Academy of Finland funds new Postdoctoral Researchers in social sciences and humanities

10 May 2021

The Academy of Finland’s Research Council for Culture and Society today granted funding for 30 new posts as Postdoctoral Researcher.

Postdoctoral Researcher funding supports the most talented researchers who have recently completed their doctoral degree in gaining competence for demanding researcher or expert positions. It is also aimed at assisting the transition towards an independent research career. The Research Council made the decisions emphasising the high scientific quality of the application, the qualifications of the applicant, the objectives concerning international collaboration, the academic and societal impact, and the renewal of science.

Sami Pihlström, the Chair of the Research Council for Culture and Society, commented that the competition was again tough. “In addition to the high quality and impact of research, the Research Council aims in particular to renew science through the Postdoctoral Researcher funding scheme. If they are successful in the rigorous peer review, the early-career researchers will get a chance to start their independent scientific work. In our funding decisions, we also paid attention to the diversity of the disciplines the Research Council represents.”

As in the Academy of Finland’s other funding schemes, Postdoctoral Researchers are required to be closely connected to the Finnish scientific community so that the funding benefits Finnish research and society. The funding is intended for the Postdoctoral Researcher’s salary, personal research costs as well as international and national mobility.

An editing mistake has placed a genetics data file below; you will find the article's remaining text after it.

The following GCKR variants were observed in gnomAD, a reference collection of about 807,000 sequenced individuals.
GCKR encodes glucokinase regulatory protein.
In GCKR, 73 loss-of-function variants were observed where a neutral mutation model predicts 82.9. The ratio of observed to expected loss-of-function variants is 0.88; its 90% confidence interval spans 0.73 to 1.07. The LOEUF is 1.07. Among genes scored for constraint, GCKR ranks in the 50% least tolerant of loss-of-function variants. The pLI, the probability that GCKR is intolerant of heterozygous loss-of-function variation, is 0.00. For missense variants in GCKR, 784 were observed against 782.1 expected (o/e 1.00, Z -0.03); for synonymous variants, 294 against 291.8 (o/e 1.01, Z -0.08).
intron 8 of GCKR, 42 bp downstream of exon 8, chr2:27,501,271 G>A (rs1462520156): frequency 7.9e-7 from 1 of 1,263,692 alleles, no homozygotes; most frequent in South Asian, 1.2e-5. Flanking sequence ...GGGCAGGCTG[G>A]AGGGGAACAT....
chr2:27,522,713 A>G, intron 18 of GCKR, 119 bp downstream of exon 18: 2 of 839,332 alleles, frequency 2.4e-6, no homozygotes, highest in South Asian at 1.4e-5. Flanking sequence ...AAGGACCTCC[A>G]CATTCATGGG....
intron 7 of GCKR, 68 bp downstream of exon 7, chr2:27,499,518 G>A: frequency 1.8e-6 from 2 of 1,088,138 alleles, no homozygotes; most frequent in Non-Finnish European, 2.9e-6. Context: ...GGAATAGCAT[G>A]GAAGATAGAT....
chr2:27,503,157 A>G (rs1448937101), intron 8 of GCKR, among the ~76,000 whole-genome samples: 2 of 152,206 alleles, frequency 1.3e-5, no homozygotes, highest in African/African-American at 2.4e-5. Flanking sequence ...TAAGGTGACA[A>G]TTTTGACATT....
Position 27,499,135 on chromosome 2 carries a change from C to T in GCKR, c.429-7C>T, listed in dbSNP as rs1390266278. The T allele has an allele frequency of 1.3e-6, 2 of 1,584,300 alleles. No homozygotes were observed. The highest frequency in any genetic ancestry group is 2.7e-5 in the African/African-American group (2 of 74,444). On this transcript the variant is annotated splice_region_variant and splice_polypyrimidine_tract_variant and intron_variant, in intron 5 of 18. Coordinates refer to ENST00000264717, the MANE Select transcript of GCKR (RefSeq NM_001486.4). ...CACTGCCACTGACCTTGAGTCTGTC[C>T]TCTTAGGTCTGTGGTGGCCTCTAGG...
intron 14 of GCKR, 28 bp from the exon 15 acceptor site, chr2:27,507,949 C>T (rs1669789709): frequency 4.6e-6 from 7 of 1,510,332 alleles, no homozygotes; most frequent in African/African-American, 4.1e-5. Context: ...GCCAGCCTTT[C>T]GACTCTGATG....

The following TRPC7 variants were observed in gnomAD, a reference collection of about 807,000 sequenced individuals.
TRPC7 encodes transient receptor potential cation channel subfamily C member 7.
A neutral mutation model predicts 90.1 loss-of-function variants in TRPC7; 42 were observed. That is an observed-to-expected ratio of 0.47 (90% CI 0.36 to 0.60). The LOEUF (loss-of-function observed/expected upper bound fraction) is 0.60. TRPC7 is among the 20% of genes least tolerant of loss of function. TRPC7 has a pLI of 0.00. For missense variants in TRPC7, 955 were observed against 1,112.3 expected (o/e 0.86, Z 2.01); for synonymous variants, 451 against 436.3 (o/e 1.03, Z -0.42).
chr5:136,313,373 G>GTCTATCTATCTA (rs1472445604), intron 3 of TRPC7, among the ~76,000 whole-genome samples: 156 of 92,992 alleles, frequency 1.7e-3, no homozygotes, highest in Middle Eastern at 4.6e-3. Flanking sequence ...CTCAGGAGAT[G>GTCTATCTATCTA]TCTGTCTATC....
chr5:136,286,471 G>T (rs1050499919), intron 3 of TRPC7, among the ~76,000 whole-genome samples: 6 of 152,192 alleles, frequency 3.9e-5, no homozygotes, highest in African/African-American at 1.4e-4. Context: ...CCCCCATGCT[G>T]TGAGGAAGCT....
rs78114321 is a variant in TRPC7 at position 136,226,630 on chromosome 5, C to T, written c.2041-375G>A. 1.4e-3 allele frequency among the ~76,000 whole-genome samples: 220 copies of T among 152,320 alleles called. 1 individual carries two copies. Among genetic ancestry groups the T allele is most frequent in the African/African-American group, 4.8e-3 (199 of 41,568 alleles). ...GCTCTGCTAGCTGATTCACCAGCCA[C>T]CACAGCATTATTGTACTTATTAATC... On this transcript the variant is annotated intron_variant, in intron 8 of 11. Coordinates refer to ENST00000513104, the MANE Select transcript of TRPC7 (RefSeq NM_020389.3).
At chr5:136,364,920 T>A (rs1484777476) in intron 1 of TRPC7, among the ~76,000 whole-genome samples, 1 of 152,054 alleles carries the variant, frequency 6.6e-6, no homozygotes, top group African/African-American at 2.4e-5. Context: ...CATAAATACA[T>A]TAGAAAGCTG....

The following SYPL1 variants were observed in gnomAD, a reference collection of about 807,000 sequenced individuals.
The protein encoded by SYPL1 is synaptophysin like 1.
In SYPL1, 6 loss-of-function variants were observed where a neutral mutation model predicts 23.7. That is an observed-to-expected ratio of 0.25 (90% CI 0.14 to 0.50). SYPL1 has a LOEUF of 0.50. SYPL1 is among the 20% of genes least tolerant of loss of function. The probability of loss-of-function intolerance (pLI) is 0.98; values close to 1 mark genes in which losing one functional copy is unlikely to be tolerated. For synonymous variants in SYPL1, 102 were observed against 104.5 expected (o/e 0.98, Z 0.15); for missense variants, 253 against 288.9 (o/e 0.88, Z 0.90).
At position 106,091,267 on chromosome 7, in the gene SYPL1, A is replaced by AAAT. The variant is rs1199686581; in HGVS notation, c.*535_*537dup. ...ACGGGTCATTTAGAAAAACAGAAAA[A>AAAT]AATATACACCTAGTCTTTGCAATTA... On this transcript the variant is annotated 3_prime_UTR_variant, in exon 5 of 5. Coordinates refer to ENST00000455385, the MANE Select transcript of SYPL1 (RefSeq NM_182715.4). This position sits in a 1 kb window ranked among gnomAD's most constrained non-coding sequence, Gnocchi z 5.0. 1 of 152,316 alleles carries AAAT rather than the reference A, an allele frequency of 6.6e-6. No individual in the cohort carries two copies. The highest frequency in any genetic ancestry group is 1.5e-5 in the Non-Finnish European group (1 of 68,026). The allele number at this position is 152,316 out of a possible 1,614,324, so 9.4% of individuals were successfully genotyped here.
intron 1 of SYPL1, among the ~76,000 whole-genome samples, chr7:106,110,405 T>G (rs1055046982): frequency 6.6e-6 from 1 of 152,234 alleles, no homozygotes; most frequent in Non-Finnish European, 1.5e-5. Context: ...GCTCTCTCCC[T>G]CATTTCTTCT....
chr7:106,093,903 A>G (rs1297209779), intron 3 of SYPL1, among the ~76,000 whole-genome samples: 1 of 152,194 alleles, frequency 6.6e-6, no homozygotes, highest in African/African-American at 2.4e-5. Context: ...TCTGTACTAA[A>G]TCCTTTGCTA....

The Research Council’s funding for new Postdoctoral Researchers totals around 7.2 million euros. The funding is granted for three years. The success rate was 11 per cent. Around 53 per cent of the funded Postdoctoral Researchers are women.

Examples of funded Postdoctoral Researchers

Jenni Sipilä (LUT University) studies consumer awareness and perceived importance of sustainability. A positive attitude towards sustainable development does not always lead to sustainable consumption behaviour. Sipilä’s project will address this discrepancy by generating new theoretical insights on consumers’ conflicting reactions to sustainable consumption. The project will shed new light on sustainability communication and consequently promote more sustainable ways of consumption, ultimately leading to a more sustainable society.

Jari Pirhonen (University of Helsinki) examines death as a social process. When an old person in long-term care dies, it is not only a physiological phenomenon, but also a social process. Older people may, in fact, die socially even before the physiological death, when they slip out of engaging in everyday interactions and thus are not encountered as individuals. The aim of Pirhonen’s study is to understand how the dying process is socially negotiated between older persons, their relatives and the nursing staff, and how the negotiations affect a dying person’s care and everyday life.

Antti Paakkari (Tampere university) will analyse the growing significance of educational technologies in public education and its connection to the increasing influence of commercial actors. Paakkari will examine edtech policy documents, interview teachers, school administrators and edtech marketers and use digital ethnography to investigate the use of edtech in public secondary schools. The project will produce new knowledge on an issue that is topical but not widely researched.

Inquiries and more information

Academy of Finland Communications
Vesa Varpula, Communications Specialist
tel. +358 295 335 131

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